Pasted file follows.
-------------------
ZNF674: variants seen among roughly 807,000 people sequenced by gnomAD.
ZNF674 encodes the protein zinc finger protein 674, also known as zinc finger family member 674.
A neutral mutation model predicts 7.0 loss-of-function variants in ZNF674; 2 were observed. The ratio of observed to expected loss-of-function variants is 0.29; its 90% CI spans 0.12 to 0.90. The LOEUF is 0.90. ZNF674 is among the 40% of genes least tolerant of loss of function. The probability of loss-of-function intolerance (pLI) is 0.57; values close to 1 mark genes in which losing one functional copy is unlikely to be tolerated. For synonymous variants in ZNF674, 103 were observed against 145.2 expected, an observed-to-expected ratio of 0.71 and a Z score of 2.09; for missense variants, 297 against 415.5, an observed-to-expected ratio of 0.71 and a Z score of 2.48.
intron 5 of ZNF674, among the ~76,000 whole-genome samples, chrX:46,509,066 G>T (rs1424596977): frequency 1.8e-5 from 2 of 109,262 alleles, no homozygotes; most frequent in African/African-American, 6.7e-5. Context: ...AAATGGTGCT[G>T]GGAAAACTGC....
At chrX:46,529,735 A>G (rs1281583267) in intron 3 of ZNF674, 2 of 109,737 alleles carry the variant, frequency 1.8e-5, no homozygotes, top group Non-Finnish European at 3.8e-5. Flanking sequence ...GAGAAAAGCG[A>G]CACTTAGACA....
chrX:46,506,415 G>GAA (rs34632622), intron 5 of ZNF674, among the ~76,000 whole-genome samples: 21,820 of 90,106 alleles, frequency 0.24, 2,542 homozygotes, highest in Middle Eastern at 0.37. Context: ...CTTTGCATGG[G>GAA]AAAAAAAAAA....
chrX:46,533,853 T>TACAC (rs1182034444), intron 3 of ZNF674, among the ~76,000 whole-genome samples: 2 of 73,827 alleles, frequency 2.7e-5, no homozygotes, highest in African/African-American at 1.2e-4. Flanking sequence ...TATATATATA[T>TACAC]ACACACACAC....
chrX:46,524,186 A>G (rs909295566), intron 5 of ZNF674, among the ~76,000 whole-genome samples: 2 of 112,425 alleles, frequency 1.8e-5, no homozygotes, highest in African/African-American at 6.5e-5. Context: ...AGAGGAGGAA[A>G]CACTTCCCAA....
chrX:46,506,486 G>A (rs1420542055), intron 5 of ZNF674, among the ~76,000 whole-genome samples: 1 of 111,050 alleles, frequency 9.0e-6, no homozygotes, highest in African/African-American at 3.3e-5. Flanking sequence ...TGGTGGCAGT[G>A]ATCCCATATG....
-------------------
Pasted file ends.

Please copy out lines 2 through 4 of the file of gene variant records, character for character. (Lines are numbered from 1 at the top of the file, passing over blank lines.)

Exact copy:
ZNF674 encodes the protein zinc finger protein 674, also known as zinc finger family member 674.
A neutral mutation model predicts 7.0 loss-of-function variants in ZNF674; 2 were observed. The ratio of observed to expected loss-of-function variants is 0.29; its 90% CI spans 0.12 to 0.90. The LOEUF is 0.90. ZNF674 is among the 40% of genes least tolerant of loss of function. The probability of loss-of-function intolerance (pLI) is 0.57; values close to 1 mark genes in which losing one functional copy is unlikely to be tolerated. For synonymous variants in ZNF674, 103 were observed against 145.2 expected, an observed-to-expected ratio of 0.71 and a Z score of 2.09; for missense variants, 297 against 415.5, an observed-to-expected ratio of 0.71 and a Z score of 2.48.
intron 5 of ZNF674, among the ~76,000 whole-genome samples, chrX:46,509,066 G>T (rs1424596977): frequency 1.8e-5 from 2 of 109,262 alleles, no homozygotes; most frequent in African/African-American, 6.7e-5. Context: ...AAATGGTGCT[G>T]GGAAAACTGC....